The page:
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  • Writer's pictureFoodiesan

Miso Magic

What food is rich and salty and really, really good for you and lasts forever?

And there's alway miso ramen

I have always loved using miso as a seasoning for marinades, stews and soups, but until I started doing research for this blog, I had no idea that:

  • Even though miso is a high-sodium food, research indicates that it does not impact blood pressure the way that high-sodium foods do. In fact, research on Japanese adults has demonstrated that people with miso diets actually lower the risk of cardiovascular disease, including stroke

  • The process of fermentation that produces miso (with the help of fungus called Apergillus oryzae), also contains many valuable antioxidants, and the longer it is fermented, the more plentiful are the antioxidants.

  • There are some studies that have shown a relationship between miso consumption and reduced risk of prostate, breast and colorectal cancer.

I will be providing a recipe for making your own miso at home below, but just in case you don’t have a year or so to wait for the fermentation process to work, I’d recommend trotting over to your Asian grocer to pick some up. At my favorite store, Uwajimaya, there are scores of different types of miso—white, red, yellow, buckwheat, barley, brown rice. There is also awasemiso, which is a mixture of red and white miso.

Some prefer the taste of white miso because it is sweeter and more delicate. I favor red, because I am just that kind of gal.

In a previous blog (April 2012) I provided a very good recipe for miso-grilled salmon. Check it out. My family and guest recommend it enthusiastically. And here are some other good recipes that feature miso as a star ingredient, including a recipe for how to make miso on your own.

Braised Miso Chicken

Sauté about 3 pounds of boneless, skinless chicken thighs with 3-4 cloves of minced garlic. Once it’s nice and seared, take it out of the pan to make your sauce. Dump about ¾ C red or awase miso together with 6 T sake, ¼ c sugar, and about 1T grated fresh ginger. Taste and adjust seasoning accordingly (Need more salt? Add more miso. Need more ginger? Do it.), then put the chicken back into the sauce. If it looks like you need more sauce, add some water. Simmer for about 20 minutes. Just before you are ready to serve, mix in a slurry of about 1T cornstarch into 1/4C water. Stir until nice and thick. Sprinkle green onions and sliced pickled ginger over the top (if you have it). Make sure you have lots of rice on hand. Yummy!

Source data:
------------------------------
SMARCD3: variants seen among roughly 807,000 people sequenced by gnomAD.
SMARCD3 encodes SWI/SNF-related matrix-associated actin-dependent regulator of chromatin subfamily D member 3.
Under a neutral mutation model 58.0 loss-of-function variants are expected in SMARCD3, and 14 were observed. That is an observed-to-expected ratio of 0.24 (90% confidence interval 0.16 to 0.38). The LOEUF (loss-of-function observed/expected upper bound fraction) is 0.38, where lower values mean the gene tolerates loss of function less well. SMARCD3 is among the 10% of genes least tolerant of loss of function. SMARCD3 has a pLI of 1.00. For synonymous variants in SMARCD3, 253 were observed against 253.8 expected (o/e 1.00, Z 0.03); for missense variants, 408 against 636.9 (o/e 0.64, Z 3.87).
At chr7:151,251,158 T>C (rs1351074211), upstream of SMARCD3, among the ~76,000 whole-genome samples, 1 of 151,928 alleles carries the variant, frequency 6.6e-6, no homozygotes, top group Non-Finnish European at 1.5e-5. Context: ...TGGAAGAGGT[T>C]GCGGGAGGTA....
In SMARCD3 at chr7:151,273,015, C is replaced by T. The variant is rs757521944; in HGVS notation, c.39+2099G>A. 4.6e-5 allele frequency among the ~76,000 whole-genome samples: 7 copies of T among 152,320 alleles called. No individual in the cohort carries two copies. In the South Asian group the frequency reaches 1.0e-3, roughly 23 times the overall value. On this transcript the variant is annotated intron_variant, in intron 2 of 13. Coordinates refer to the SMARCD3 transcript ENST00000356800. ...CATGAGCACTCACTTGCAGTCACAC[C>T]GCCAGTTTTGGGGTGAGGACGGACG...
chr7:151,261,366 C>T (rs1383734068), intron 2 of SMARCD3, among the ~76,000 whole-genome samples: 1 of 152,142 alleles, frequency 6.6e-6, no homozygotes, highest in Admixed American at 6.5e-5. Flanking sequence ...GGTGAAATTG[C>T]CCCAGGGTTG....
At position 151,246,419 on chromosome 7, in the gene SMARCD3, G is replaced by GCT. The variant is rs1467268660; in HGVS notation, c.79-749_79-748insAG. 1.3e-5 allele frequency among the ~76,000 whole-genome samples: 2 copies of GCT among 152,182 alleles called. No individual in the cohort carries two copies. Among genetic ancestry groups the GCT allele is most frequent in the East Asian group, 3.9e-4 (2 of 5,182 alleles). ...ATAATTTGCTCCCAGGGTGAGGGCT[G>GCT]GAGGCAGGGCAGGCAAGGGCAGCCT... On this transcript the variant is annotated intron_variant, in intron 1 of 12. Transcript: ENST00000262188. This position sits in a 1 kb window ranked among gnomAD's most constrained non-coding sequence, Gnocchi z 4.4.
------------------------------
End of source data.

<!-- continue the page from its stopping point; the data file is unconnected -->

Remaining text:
Miso Marinated Fish

Marinate about2 pounds of your choice of fish in 1/3 cup miso (white or red), 1/4 cup mirin and 3 tablespoons sake, and 1T sugar. Refrigerate a minimum of 5 hours, or up to two days. Wipe off the marinade with a paper towel and grill or broil.

Grilled Steak with Red Miso

Marinate a couple of pounds of steaks in a mixture of 1T grated fresh ginger, 2 minced garlic cloves, ¼ C brown sugar, ½ soy sauce, ¼ C red miso, 1/8 C sake, 2 T mirin and 1t togarashi (a Japanese red pepper blend). Miso helps to tenderize meats, so If you have tougher cuts, marinate it overnight; if tender marinate a couple of hours. Grill it over charcoals and baste them with the yummy sauce.

Here is a really easy and yummy salad dressing. No need to spend money for something that doesn’t even taste as good.

Miso Salad Dressing

Whisk together a finely minced shallot with ¼ c plain rice wine vinegar, 1 t honey, 1T miso shiro (white miso) and 1/4C neutral oil (like canola). Add salt and pepper.

Here’s a recipe I got from Bon Appetit a few years ago.

Miso Butter Green Beans

Parboil a pound of green beans, drain and put into ice water. Whisk together 4 t miso with 2T butter. Sauté the beans in a large wok with one minced shallot and two cloves of garlic. Add ¼ C sake and reduce for a minute or two, then add 1/3 C vegetable broth and reduce. Lower the heat and add the miso butter. Sprinkle some sesame seeds.


Making Miso

One of the very humbling aspects of owning the name, is the realization that there are so many people in this world who are far more obsessed (some might even say OCD) with food than I could ever hope to be. Making miso is a very long term project, and I have not made it myself, but I include it here because I think it’s always a good idea to really understand what goes into an amazing product like miso.

  1. Soak about 5.5 C of dried soybeans for 24 hours

  2. Cook for 20 minutes in a pressure cooker or 4 hours in a pot. After it cools, safe 1C of the bean water. Then dry them in a strainer for a couple of hours and mash them in the food processor (purists would do this by hand)

  3. Cook 5 cups of koji rice (this is important because koji rice contains the aspergilus oryzae necessary to ferment miso)

  4. Dissolve 1C natural salt and 3T unpasteurized miso into the reserved cooking water, and mix it in with the cooked koji

  5. Combine with the beans (you will need a big bowl), and roll them into tennis ball-sized balls.

  6. Wet the sides of a large (one gallon) crock and coat with salt. Pack the miso into the crock and press down to get all the air out. After that sprinkle in a generous layer of salt.

  7. Put a flat object on top and put a weight on top. Heavier is better

  8. Cover with cheesecloth and a rubber band.

  9. Store it someplace cool and dark.

  10. Wait a year or two, scrape off the top, and voila!

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